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(As told by his son Terry)

I have spoken to Dad this morning. His time with Adastra was before and just after his marriage on 8th May 1948, so he was with Adastra from 1947-1948 for about twelve months. He flew with Harry Morrel who you have later listed as an accountant and pilot Gordon Bigg. They surveyed Mt Isa and this was very well received by the locals, especially given the geography of the area. They also worked in the west of Victoria and NSW, Queensland (Townsville in particular) and the Kimberleys in WA. Harry Morrell operated the camera from the nose and Dad travelled as the aircraft maintenance mechanic and was responsible for ensuring the aircraft met compulsory inspection requirements. He was also responsible for cameras and reels. In the floor of the Anson there was a circular hole cut, through which photographs were taken.

He remembers fondly the respect in which Eric Haynes was held during his time at Adastra and later. Dad replaced Tom Carpenter (who had a uniform which Dad didn't get) as Chief Inspector. He remembers Miss Morell as working in the front office before he started there but says that they were so busy working that they rarely saw the front office staff. Harry Morell is described as a nice bloke who never married, invested wisely and freely gave advice to colleagues on the best share options.

He remembers with sadness the 1957 VH-AGO crash. Overall Adastra must have been a great experience and place to work because his face lights up and he becomes very animated at the mention of the name or on production of a photograph.

His other aviation background in brief:

He started work as an Office Messenger Boy at DCA in 1938 at the age of 14 working for a Mr. Hedgecock. Miss O'Connor, who was the assistant, put in a good word for Dad to Leo Turl and Leo apprenticed him as a Ground Engineer with Airflight about 4-6 months after he started as messenger boy. Airflight had two hangars at Mascot and he ended up working on the running side doing extra time. He worked splicing cables for Airflight as they won the contract for seat harness cables for Beauforts (Fred Armstrong was the ground engineer at Airflight at this time) and another woman worked wrapping and checking the cables. During the war he was in charge of civilians older than him because of his trade experience. At the end of war, like many others at Mascot, he was laid off.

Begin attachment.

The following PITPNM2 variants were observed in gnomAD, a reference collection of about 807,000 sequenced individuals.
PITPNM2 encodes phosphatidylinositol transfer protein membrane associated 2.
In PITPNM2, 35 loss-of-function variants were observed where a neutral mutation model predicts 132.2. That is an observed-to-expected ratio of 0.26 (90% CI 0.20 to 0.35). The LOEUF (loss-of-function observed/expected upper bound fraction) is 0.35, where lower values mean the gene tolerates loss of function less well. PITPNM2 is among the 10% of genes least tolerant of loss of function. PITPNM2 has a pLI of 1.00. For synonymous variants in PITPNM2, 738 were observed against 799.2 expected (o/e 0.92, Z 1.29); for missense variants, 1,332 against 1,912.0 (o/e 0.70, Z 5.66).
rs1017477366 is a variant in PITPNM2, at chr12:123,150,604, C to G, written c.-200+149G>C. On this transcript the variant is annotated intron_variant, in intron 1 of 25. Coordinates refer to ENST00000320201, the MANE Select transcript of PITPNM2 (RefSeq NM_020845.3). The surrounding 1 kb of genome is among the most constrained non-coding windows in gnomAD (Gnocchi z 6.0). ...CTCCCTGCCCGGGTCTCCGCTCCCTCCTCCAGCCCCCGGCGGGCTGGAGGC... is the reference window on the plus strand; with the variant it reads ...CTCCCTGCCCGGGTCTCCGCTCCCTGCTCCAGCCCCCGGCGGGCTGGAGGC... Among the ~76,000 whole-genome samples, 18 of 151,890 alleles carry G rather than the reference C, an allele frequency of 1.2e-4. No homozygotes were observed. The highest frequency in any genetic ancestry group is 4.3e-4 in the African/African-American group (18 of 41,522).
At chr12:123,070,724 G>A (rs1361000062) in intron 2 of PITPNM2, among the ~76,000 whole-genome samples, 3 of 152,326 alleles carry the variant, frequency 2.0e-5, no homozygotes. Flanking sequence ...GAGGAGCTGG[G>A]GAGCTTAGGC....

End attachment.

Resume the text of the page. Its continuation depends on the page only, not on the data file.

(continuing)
After this he went barnstorming with Alan Murray and Leo ???? in Goulburn. He slept in a hangar on Goulburn aerodrome in the winter of 1946 (very cold). They flew over the Rocky Hill memorial in Goulburn and dropped a wreath on Anzac Day 1946. He then moved back to his parent's home in Pagewood when he joined Adastra. After Adastra, he moved to Wollongong and South Coast Airways in 1948 as Chief Engineer and also spent time at East-West in Tamworth. He worked for East-West until October 1953 when his father (a Gallipoli and Western Front veteran) died and Dad and the rest of my family returned to Pagewood.

He joined Kingsford Smith Aviation in 1953 but only stayed a short time and soon joined TAA until about 1965. He held a joint licence on both airframes and engines so he was often called upon to go to Melbourne to TAA's "College of Knowledge" for orientation on new aircraft.

About 1965, he joined Victa as Chief Inspector and was involved in the design of the Victa Air Tourer (a two seat enclosed cockpit trainer) and in developing the Air Cruiser. Shortly before Victa's demise, he joined DCA again, this time as an Airworthiness Surveyor/Inspector and became Senior Airworthiness Inspector before his retirement in 1983. He worked from Bankstown, Mascot and from Sydney and was with them when known as DCA and DOT (Air). At DCA he worked with Des Hardy who you have listed as a former Adastra staffer. Des had a large collection of MGA/MGB cars in perfect order and lived at Sandy Point on the Georges River.

Other career highlights:

Dad and another fellow took a trailer down to Melbourne to recover a single wing enclosed aircraft, the Desoutter, and pulled it with a jeep back to McKellars Garage in Wollongong to rebuild it and repair wing damage etc and install an altered engine, a Gipsy Major. This plane then went into service for South Coast Airways and ended up at Bankstown and is now on display in a museum at Launceston. While restoring this plane, he met my mother and fell in love.

In 1949, when with East-West as Chief Inspector when the company was flying Ansons and then Hudsons, he remembers pilot John Rentall pranging at Tamworth as a result of wasps getting into the fuel line when the engine was being overhauled. Rentall survived, and although he lost a leg, he continued to fly. During this time, my parents and siblings lived in an old RAAF building on the old airport which was originally the racecourse.

In 1959, my father was part of a TAA crew which brought back (the seventh?) Fokker Friendship for TAA from the factory in Amsterdam.

In his later years as an Airworthiness Inspector, Dad's path crossed with some of his former Adastra colleagues but in the different context of investigating accidents and issuing Certificates of Airworthiness. He is now on the Committee of the Earlybirds, an organisation for people involved in aviation pre WWII.

This was gathered from just a brief conversation with him and has triggered his memory. I will sit down with him soon and record more of his memories. Many thanks for the opportunity. Great website keep up the good work.

Terry Smith
18th July 2004